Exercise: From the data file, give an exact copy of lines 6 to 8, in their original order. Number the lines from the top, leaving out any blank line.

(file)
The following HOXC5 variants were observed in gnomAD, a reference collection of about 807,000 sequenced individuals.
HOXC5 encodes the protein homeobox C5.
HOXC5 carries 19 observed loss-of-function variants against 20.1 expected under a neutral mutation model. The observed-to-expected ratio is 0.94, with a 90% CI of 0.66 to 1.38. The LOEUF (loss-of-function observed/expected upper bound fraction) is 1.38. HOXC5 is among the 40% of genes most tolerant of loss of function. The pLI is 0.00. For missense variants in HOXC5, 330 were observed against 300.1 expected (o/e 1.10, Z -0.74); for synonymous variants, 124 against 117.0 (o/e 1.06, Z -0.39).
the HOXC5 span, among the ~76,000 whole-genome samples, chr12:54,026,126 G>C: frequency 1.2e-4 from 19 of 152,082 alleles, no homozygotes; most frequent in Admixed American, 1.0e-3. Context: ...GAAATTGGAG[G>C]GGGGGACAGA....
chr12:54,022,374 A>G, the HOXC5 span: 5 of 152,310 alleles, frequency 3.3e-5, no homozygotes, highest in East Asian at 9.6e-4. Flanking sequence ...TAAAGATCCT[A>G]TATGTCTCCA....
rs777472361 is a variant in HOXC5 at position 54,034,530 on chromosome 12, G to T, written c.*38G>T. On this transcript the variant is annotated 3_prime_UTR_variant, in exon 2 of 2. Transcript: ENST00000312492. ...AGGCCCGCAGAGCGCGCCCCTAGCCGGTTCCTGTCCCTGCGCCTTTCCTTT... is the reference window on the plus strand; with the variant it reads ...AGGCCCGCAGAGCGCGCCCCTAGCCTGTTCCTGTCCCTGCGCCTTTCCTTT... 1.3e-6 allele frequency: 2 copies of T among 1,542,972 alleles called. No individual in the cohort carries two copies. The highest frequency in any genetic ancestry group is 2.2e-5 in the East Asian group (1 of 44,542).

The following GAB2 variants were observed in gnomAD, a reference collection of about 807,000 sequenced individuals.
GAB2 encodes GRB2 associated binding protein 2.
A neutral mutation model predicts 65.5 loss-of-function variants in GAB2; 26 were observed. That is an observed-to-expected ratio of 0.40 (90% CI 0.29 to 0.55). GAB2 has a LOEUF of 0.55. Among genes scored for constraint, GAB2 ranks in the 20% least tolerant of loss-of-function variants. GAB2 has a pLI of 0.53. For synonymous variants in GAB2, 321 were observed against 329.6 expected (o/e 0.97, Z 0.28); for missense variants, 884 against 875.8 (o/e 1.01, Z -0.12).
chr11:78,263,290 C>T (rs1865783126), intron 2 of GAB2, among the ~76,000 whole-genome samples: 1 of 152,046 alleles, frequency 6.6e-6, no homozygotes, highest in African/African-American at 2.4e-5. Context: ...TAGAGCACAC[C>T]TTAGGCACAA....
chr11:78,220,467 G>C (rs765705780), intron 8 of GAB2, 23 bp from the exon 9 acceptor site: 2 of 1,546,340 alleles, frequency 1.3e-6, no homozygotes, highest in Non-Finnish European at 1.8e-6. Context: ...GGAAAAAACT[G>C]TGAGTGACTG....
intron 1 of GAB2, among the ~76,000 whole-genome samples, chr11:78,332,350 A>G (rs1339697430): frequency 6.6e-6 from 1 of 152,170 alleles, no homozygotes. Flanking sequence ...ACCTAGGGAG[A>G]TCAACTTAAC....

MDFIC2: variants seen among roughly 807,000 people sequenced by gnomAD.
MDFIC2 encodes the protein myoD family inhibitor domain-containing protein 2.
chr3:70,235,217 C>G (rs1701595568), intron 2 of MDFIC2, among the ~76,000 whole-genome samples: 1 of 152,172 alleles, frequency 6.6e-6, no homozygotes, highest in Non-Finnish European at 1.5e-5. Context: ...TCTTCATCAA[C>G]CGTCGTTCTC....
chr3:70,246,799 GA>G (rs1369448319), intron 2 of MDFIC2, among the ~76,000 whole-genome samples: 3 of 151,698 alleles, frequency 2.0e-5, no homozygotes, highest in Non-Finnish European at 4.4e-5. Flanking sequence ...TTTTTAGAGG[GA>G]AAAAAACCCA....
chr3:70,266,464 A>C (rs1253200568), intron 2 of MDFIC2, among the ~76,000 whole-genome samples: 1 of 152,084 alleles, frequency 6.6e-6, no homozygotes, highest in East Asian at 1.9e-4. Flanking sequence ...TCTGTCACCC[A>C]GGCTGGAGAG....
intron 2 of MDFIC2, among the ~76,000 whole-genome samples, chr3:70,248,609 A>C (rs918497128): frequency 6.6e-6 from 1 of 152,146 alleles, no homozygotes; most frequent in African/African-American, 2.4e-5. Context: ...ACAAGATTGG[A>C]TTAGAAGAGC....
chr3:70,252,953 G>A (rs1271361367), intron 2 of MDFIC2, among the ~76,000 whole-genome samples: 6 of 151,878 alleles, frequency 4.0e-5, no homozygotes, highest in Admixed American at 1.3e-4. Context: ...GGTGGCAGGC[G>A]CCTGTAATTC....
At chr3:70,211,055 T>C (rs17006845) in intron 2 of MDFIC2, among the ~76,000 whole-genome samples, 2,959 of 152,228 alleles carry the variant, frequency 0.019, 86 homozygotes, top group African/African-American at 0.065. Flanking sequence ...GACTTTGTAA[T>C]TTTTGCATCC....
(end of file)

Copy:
rs777472361 is a variant in HOXC5 at position 54,034,530 on chromosome 12, G to T, written c.*38G>T. On this transcript the variant is annotated 3_prime_UTR_variant, in exon 2 of 2. Transcript: ENST00000312492. ...AGGCCCGCAGAGCGCGCCCCTAGCCGGTTCCTGTCCCTGCGCCTTTCCTTT... is the reference window on the plus strand; with the variant it reads ...AGGCCCGCAGAGCGCGCCCCTAGCCTGTTCCTGTCCCTGCGCCTTTCCTTT... 1.3e-6 allele frequency: 2 copies of T among 1,542,972 alleles called. No individual in the cohort carries two copies. The highest frequency in any genetic ancestry group is 2.2e-5 in the East Asian group (1 of 44,542).

The following GAB2 variants were observed in gnomAD, a reference collection of about 807,000 sequenced individuals.
GAB2 encodes GRB2 associated binding protein 2.